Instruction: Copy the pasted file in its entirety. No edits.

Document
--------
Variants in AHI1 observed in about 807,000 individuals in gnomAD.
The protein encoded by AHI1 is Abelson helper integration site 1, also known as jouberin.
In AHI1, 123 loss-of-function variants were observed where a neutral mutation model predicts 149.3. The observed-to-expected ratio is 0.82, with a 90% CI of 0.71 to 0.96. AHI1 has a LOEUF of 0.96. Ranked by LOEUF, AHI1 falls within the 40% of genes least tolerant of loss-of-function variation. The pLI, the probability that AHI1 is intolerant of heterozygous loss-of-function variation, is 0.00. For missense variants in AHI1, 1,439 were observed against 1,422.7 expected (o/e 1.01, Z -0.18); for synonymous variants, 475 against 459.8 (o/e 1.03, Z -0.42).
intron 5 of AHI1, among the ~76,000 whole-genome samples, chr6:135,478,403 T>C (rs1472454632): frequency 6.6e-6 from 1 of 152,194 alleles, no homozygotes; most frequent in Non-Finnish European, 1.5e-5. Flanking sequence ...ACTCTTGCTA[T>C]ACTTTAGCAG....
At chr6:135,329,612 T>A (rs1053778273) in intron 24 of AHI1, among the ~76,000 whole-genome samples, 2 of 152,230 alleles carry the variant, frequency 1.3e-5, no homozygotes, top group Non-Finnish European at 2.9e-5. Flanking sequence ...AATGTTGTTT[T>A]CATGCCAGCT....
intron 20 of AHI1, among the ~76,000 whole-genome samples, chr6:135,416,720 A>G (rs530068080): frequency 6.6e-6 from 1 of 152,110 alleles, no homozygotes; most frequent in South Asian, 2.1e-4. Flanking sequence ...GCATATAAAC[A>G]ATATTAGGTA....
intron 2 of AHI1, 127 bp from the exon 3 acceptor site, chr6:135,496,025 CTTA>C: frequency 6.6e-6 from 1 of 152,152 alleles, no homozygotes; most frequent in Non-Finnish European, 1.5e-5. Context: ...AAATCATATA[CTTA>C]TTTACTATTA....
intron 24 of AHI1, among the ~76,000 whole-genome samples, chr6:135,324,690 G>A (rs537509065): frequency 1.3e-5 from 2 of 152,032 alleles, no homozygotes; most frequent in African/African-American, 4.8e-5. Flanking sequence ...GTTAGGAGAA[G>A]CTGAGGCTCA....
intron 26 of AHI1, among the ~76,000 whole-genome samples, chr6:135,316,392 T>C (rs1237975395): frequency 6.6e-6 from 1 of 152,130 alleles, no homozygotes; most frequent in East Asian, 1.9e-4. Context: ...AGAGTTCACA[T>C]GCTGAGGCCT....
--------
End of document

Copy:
Variants in AHI1 observed in about 807,000 individuals in gnomAD.
The protein encoded by AHI1 is Abelson helper integration site 1, also known as jouberin.
In AHI1, 123 loss-of-function variants were observed where a neutral mutation model predicts 149.3. The observed-to-expected ratio is 0.82, with a 90% CI of 0.71 to 0.96. AHI1 has a LOEUF of 0.96. Ranked by LOEUF, AHI1 falls within the 40% of genes least tolerant of loss-of-function variation. The pLI, the probability that AHI1 is intolerant of heterozygous loss-of-function variation, is 0.00. For missense variants in AHI1, 1,439 were observed against 1,422.7 expected (o/e 1.01, Z -0.18); for synonymous variants, 475 against 459.8 (o/e 1.03, Z -0.42).
intron 5 of AHI1, among the ~76,000 whole-genome samples, chr6:135,478,403 T>C (rs1472454632): frequency 6.6e-6 from 1 of 152,194 alleles, no homozygotes; most frequent in Non-Finnish European, 1.5e-5. Flanking sequence ...ACTCTTGCTA[T>C]ACTTTAGCAG....
At chr6:135,329,612 T>A (rs1053778273) in intron 24 of AHI1, among the ~76,000 whole-genome samples, 2 of 152,230 alleles carry the variant, frequency 1.3e-5, no homozygotes, top group Non-Finnish European at 2.9e-5. Flanking sequence ...AATGTTGTTT[T>A]CATGCCAGCT....
intron 20 of AHI1, among the ~76,000 whole-genome samples, chr6:135,416,720 A>G (rs530068080): frequency 6.6e-6 from 1 of 152,110 alleles, no homozygotes; most frequent in South Asian, 2.1e-4. Flanking sequence ...GCATATAAAC[A>G]ATATTAGGTA....
intron 2 of AHI1, 127 bp from the exon 3 acceptor site, chr6:135,496,025 CTTA>C: frequency 6.6e-6 from 1 of 152,152 alleles, no homozygotes; most frequent in Non-Finnish European, 1.5e-5. Context: ...AAATCATATA[CTTA>C]TTTACTATTA....
intron 24 of AHI1, among the ~76,000 whole-genome samples, chr6:135,324,690 G>A (rs537509065): frequency 1.3e-5 from 2 of 152,032 alleles, no homozygotes; most frequent in African/African-American, 4.8e-5. Flanking sequence ...GTTAGGAGAA[G>A]CTGAGGCTCA....
intron 26 of AHI1, among the ~76,000 whole-genome samples, chr6:135,316,392 T>C (rs1237975395): frequency 6.6e-6 from 1 of 152,130 alleles, no homozygotes; most frequent in East Asian, 1.9e-4. Context: ...AGAGTTCACA[T>C]GCTGAGGCCT....